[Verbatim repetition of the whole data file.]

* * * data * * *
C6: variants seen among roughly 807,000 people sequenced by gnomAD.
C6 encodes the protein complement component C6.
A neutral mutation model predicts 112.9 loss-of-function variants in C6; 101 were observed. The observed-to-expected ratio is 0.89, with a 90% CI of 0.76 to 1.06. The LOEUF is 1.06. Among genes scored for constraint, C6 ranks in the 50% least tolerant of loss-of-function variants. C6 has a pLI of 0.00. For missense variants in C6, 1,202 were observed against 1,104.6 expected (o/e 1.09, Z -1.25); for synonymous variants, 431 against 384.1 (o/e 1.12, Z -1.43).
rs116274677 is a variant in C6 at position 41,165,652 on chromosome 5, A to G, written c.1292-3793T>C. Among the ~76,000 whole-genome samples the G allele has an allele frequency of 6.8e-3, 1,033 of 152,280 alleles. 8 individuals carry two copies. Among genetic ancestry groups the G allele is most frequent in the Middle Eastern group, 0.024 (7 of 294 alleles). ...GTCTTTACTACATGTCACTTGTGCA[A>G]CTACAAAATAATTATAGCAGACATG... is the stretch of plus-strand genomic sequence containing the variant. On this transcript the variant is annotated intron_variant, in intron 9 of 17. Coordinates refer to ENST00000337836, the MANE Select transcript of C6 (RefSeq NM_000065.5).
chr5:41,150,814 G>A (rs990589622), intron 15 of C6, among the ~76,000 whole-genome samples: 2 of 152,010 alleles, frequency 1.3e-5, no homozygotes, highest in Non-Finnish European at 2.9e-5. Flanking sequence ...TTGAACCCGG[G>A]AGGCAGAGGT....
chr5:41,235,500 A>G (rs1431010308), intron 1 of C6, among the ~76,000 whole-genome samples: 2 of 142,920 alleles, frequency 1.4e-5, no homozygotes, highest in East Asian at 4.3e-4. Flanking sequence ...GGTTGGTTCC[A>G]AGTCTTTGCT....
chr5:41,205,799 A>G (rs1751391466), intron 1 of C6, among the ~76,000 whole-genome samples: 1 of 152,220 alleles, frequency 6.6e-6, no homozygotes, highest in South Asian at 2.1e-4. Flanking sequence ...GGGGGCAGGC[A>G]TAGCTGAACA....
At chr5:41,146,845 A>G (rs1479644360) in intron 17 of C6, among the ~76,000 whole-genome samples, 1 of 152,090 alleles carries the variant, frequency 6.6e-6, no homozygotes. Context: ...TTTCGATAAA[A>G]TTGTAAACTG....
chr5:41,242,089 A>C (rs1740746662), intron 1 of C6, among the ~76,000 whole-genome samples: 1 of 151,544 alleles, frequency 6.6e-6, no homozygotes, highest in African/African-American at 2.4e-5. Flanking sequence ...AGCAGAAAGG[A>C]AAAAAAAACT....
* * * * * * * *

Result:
C6: variants seen among roughly 807,000 people sequenced by gnomAD.
C6 encodes the protein complement component C6.
A neutral mutation model predicts 112.9 loss-of-function variants in C6; 101 were observed. The observed-to-expected ratio is 0.89, with a 90% CI of 0.76 to 1.06. The LOEUF is 1.06. Among genes scored for constraint, C6 ranks in the 50% least tolerant of loss-of-function variants. C6 has a pLI of 0.00. For missense variants in C6, 1,202 were observed against 1,104.6 expected (o/e 1.09, Z -1.25); for synonymous variants, 431 against 384.1 (o/e 1.12, Z -1.43).
rs116274677 is a variant in C6 at position 41,165,652 on chromosome 5, A to G, written c.1292-3793T>C. Among the ~76,000 whole-genome samples the G allele has an allele frequency of 6.8e-3, 1,033 of 152,280 alleles. 8 individuals carry two copies. Among genetic ancestry groups the G allele is most frequent in the Middle Eastern group, 0.024 (7 of 294 alleles). ...GTCTTTACTACATGTCACTTGTGCA[A>G]CTACAAAATAATTATAGCAGACATG... is the stretch of plus-strand genomic sequence containing the variant. On this transcript the variant is annotated intron_variant, in intron 9 of 17. Coordinates refer to ENST00000337836, the MANE Select transcript of C6 (RefSeq NM_000065.5).
chr5:41,150,814 G>A (rs990589622), intron 15 of C6, among the ~76,000 whole-genome samples: 2 of 152,010 alleles, frequency 1.3e-5, no homozygotes, highest in Non-Finnish European at 2.9e-5. Flanking sequence ...TTGAACCCGG[G>A]AGGCAGAGGT....
chr5:41,235,500 A>G (rs1431010308), intron 1 of C6, among the ~76,000 whole-genome samples: 2 of 142,920 alleles, frequency 1.4e-5, no homozygotes, highest in East Asian at 4.3e-4. Flanking sequence ...GGTTGGTTCC[A>G]AGTCTTTGCT....
chr5:41,205,799 A>G (rs1751391466), intron 1 of C6, among the ~76,000 whole-genome samples: 1 of 152,220 alleles, frequency 6.6e-6, no homozygotes, highest in South Asian at 2.1e-4. Flanking sequence ...GGGGGCAGGC[A>G]TAGCTGAACA....
At chr5:41,146,845 A>G (rs1479644360) in intron 17 of C6, among the ~76,000 whole-genome samples, 1 of 152,090 alleles carries the variant, frequency 6.6e-6, no homozygotes. Context: ...TTTCGATAAA[A>G]TTGTAAACTG....
chr5:41,242,089 A>C (rs1740746662), intron 1 of C6, among the ~76,000 whole-genome samples: 1 of 151,544 alleles, frequency 6.6e-6, no homozygotes, highest in African/African-American at 2.4e-5. Flanking sequence ...AGCAGAAAGG[A>C]AAAAAAAACT....